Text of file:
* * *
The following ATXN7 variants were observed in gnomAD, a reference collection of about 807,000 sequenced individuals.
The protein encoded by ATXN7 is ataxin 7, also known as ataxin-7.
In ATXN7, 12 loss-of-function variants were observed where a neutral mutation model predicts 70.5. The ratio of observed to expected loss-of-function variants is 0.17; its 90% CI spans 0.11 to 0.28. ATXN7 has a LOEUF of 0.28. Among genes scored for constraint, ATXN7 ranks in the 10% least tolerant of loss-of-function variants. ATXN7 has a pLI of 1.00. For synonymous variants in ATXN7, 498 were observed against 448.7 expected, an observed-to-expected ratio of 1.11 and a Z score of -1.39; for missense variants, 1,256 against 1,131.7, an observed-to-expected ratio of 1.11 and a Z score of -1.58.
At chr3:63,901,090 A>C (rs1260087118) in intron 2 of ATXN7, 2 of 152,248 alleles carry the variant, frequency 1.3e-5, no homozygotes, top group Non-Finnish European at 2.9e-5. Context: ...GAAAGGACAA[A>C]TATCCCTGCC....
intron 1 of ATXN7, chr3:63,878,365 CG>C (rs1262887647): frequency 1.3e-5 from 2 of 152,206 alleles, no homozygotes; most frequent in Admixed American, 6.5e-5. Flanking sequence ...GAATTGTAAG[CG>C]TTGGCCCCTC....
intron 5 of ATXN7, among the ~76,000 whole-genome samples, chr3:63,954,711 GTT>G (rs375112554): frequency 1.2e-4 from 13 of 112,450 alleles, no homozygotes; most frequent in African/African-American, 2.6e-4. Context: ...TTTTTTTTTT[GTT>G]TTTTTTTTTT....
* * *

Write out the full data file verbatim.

The following ATXN7 variants were observed in gnomAD, a reference collection of about 807,000 sequenced individuals.
The protein encoded by ATXN7 is ataxin 7, also known as ataxin-7.
In ATXN7, 12 loss-of-function variants were observed where a neutral mutation model predicts 70.5. The ratio of observed to expected loss-of-function variants is 0.17; its 90% CI spans 0.11 to 0.28. ATXN7 has a LOEUF of 0.28. Among genes scored for constraint, ATXN7 ranks in the 10% least tolerant of loss-of-function variants. ATXN7 has a pLI of 1.00. For synonymous variants in ATXN7, 498 were observed against 448.7 expected, an observed-to-expected ratio of 1.11 and a Z score of -1.39; for missense variants, 1,256 against 1,131.7, an observed-to-expected ratio of 1.11 and a Z score of -1.58.
At chr3:63,901,090 A>C (rs1260087118) in intron 2 of ATXN7, 2 of 152,248 alleles carry the variant, frequency 1.3e-5, no homozygotes, top group Non-Finnish European at 2.9e-5. Context: ...GAAAGGACAA[A>C]TATCCCTGCC....
intron 1 of ATXN7, chr3:63,878,365 CG>C (rs1262887647): frequency 1.3e-5 from 2 of 152,206 alleles, no homozygotes; most frequent in Admixed American, 6.5e-5. Flanking sequence ...GAATTGTAAG[CG>C]TTGGCCCCTC....
intron 5 of ATXN7, among the ~76,000 whole-genome samples, chr3:63,954,711 GTT>G (rs375112554): frequency 1.2e-4 from 13 of 112,450 alleles, no homozygotes; most frequent in African/African-American, 2.6e-4. Context: ...TTTTTTTTTT[GTT>G]TTTTTTTTTT....